Father Suver had been born in Ellensburg, Washington in 1907. Graduating from Seattle College in 1924, he was ordained as a priest in 1937, having taught at Gonzaga University in Spokane. Prior to the war, while teaching at Seattle Prep, he rigorously enforced the no running rules in the hall, even going so far as to tackle one errant student! Father Suver was remembered as a strict disciplinarian but also a fine teacher. Shortly after Pearl Harbor, he joined the Navy as a chaplain.
On February 18th, 1945, Chaplain Suver was discussing the upcoming invasion with other Marine officers. A lieutenant told him that he intended to take an American flag onto the top of Mount Suribachi. Suver responded that if he did that, he would say mass under it.
At 5:30 AM the next morning Father Suver said mass for the Marines aboard his ship, LST 684. (The official meaning of LST was Landing Ship, Tank; the troops designated them Large Slow Target.) After mass, nervous Marines, more than a few of whom had not much longer to live, bombarded the chaplain with questions, especially questions about courage. He responded, ” A courageous man goes on fulfilling his duty despite the fear gnawing away inside. Many men are fearless, for many different reasons, but fewer are courageous.” Continue reading
(Today is the 70th anniversary of the liberation of Auschwitz. I am taking this opportunity to rerun this post from All Saints Day 2009.)
Today we celebrate all the saints who now dwell in perfect bliss before the Beatific Vision, seeing God face to face. All the saints love God and love their neighbor, but other than that they have little in common. We have saints who lived lives of quiet meditation, and there are saints who were ever in the midst of human tumult. Some saints have easy paths to God; others have gained their crowns at the last moment, an act of supreme love redeeming a wasted life. Many saints have been heroic, a few have been timid. We number among the saints some of the greatest intellects of mankind, while we also venerate saints who never learned to read. We have saints with sunny dispositions, and some who were usually grouchy. Saints who attained great renown in their lives and saints who were obscure in life and remain obscure after death, except to God. Among such a panoply of humanity we can draw endless inspiration for our own attempts to serve God and our neighbors. For me, one saint has always stood out as a man with a deep meaning for this period of history we inhabit: Saint Maximilian Kolbe. Why?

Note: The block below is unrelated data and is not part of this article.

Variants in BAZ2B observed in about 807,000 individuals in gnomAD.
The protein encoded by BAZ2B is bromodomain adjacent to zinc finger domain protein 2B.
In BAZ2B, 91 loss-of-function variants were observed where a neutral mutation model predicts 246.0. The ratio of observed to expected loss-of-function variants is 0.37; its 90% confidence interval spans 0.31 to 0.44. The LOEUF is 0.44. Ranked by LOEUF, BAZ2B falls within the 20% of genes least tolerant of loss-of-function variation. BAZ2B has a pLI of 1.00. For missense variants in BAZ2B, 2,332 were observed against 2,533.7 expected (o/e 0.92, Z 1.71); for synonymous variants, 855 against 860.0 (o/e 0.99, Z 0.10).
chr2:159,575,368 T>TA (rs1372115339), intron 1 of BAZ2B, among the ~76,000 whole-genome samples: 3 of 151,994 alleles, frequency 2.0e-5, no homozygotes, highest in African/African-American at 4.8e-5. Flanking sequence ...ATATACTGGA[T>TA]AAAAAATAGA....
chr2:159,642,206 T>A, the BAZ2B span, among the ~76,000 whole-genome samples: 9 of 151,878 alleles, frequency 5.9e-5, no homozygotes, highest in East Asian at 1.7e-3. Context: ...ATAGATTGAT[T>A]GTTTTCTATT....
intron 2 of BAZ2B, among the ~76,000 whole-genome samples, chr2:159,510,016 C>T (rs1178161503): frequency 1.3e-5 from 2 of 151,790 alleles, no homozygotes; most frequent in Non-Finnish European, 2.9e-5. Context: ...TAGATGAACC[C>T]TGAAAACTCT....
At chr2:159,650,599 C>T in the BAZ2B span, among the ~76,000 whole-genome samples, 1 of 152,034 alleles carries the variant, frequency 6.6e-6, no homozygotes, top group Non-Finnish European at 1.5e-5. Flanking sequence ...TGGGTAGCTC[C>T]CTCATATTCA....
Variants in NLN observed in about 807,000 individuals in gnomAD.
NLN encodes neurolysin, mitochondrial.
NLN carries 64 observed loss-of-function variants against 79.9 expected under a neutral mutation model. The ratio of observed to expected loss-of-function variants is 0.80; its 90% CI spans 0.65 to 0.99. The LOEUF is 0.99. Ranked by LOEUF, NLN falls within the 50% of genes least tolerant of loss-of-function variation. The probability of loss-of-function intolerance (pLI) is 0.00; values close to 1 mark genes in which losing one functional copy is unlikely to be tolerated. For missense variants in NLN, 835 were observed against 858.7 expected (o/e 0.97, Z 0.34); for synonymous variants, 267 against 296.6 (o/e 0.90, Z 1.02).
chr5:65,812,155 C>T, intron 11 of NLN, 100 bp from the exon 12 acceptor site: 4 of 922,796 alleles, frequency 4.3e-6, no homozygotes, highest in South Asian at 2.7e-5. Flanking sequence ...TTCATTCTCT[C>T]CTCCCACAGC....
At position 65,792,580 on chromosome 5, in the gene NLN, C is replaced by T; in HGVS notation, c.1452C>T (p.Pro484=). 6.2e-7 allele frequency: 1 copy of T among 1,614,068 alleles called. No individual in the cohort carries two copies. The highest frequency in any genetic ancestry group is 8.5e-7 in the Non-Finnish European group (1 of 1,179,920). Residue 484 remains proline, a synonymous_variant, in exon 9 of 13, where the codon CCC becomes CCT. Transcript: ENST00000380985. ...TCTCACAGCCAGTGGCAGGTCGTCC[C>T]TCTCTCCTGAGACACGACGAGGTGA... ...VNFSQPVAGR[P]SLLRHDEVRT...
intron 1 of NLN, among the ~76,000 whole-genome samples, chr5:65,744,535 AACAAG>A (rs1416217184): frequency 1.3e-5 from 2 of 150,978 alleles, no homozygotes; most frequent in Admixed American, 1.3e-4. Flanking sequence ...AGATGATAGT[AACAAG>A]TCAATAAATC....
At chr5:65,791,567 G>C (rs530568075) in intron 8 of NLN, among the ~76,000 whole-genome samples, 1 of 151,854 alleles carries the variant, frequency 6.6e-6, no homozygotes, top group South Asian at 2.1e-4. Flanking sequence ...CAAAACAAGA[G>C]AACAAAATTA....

Released in 1945, The Stilwell Road, narrated by Ronald Reagan while he was a Captain in the Army Air Corps, tells the story of the forgotten theater of the War, the China-Burma-India theater where the Allies, fighting over some of the most rugged terrain on Earth, wrested victory from the Japanese. The Stilwell Road refers to a section of the Burma Road by which Nationalist China was supplied by the United States and Great Britain during the War.
The unit known as Merrill’s Marauders is mentioned in the film. Officially designated by the uninspiring title of 5307th Composite Unit (Provisional), the press tagged them as Merrill’s Marauders and thus they have come down through history. 3000 volunteers, most of them veterans of the fighting in the Pacific, including some veterans who volunteered from military stockades and who were known as The Dead End Kids, the Marauders were organized to fight behind Japanese lines. Led by Brigadier General Frank Merrill, the Marauders were trained in the deep penetration tactics supported by air drops pioneered by British General Orde Wingate, with Merrill throwing in some American touches, for example the importance of marksmanship, as old as Roger’s Rangers, wilderness fighters of the French and Indian War, famed for their long distance raids. Continue reading
Lead out the pageant: sad and slow,
As fits an universal woe,
Let the long long procession go,
And let the sorrowing crowd about it grow,
And let the mournful martial music blow;
The last great Englishman is low.
Alfred, Lord Tennyson
Something for the weekend. I Vow to Thee My Country set to scenes from the funeral of Sir Winston Churchill on January 30, 1965. Hard to think that half a century now separates us from that sad event. Churchill planned his own funeral and he made certain that all the great old hymns he so loved were well represented in the ceremonies. When he was asked if he was a pillar of the church, Churchill, whose attendance at services was sparse, said he was a flying buttress of the church, supporting it from outside. His beliefs about God were ambiguous, with contrary statements about religion being made about God and religion in the course of his life. I think that like many of his European generation coming of age in the late nineteenth century that he initially embraced agnosticism. Then, in battle he noticed that he was always praying for assistance, whatever his head thinking his heart obviously still believing in God! As he grew older I think a belief in God began to grow in him as he became acutely aware during his very long life of the mysteries of life and death. He sometimes spoke enviously of those who had religious faith untroubled with doubt, and perhaps at the end he joined their ranks. In a striking part of the funeral, two buglers played: the first one Taps and the second one Reveille, a symbol of the Resurrection.